The word “Laser” has enticed patients since the technology was first associated with medicine. Anything “laser” meant better, less pain, better technology, which of course meant that it was the best.
Lasers are an amazing technology. But just because something has a laser does not mean it is better. For instance laser liposuction devices such as SmartLipo have been fairly well debunked as marketing gimmicks. Yet that never kept patients from flocking to have that procedure done.
The newest term that is the darling of unscrupulous medical marketers is the term, “Stem Cell.” With little doubt stem cells will end up improving health and lives as much as any innovation in the history of medicine.
But at this point there is no evidence to justify the use of the term “Stem Cell Facelift.” Fat is injected to fill the face, and along with it some stem cells. But does any technique that minimally increases the amount of stem cells make a difference from just using fat alone?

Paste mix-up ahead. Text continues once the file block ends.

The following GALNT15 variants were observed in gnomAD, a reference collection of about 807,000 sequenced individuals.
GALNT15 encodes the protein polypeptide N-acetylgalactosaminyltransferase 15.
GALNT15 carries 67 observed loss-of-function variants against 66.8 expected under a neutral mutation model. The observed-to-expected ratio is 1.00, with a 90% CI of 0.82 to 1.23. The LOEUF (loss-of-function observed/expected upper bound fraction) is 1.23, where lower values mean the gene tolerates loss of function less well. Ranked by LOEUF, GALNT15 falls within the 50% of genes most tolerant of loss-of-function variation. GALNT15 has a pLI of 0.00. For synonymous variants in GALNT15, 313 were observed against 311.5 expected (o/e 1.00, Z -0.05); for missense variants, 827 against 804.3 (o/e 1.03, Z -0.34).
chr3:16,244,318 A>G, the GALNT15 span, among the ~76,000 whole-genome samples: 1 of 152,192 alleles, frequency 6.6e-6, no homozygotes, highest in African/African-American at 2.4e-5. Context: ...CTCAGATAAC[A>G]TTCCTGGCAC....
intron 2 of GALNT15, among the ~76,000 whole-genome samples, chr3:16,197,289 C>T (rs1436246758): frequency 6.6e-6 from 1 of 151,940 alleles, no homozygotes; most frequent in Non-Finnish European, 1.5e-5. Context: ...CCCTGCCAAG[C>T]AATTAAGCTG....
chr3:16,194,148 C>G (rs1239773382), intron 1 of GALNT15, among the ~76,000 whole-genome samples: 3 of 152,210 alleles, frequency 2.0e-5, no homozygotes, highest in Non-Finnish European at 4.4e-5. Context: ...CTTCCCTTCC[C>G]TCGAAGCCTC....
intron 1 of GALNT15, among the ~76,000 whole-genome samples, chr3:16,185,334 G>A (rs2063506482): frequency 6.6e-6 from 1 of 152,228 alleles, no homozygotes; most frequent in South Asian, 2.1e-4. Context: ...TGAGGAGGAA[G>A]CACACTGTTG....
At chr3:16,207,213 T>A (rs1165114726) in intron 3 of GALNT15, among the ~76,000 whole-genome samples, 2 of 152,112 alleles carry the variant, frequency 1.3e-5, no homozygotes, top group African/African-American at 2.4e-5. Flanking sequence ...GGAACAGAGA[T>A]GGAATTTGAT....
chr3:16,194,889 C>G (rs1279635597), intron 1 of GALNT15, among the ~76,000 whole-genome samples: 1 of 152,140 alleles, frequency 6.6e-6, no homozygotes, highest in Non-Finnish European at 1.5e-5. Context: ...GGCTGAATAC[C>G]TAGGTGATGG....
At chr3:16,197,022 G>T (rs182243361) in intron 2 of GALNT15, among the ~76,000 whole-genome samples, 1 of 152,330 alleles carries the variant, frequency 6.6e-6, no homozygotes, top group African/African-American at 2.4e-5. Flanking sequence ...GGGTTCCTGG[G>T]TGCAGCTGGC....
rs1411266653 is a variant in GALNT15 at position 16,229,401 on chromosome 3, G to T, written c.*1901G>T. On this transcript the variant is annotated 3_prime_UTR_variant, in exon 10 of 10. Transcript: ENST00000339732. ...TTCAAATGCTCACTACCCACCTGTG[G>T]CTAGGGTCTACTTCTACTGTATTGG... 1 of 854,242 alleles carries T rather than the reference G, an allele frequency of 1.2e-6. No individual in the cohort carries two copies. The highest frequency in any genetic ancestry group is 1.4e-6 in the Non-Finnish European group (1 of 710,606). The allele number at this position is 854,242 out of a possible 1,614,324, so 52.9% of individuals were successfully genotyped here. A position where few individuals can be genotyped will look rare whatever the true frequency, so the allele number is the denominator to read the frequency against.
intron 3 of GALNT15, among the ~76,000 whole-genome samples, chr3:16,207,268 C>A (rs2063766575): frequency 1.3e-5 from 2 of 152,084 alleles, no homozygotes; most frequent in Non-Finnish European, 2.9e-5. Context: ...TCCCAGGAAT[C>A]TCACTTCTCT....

At this time absolutely no evidence suggests that current stem cell purification technology makes a difference in the face, and to suggest that it does is unethical marketing hype.
In any case, adding fat or stem cells is not a lift; it is a filling. Adding volume is important to reverse aging. But calling what at best is “Stem Cell Filling” a “Stem Cell Lift” is an example of “bait and switch” at its very worst.
The American Society for Aesthetic Plastic Surgery released a position paper on this. http://www.surgery.org/media/news-releases/asaps-and-asps-issue-joint-position-statement-on-stem-cells-and-fat-grafting The chair of the task force was Peter Rubin, the world’s authority on stem cells. http://www.mirm.pitt.edu/people/bios/RubinJP1.asp
For a very nice discussion of this topic, see a recent video from the Plastic Surgery Channel. It is interesting and a well-balanced story. http://www.theplasticsurgerychannel.com/should-you-or-shouldnt-you-the-stem-cell-face-lift/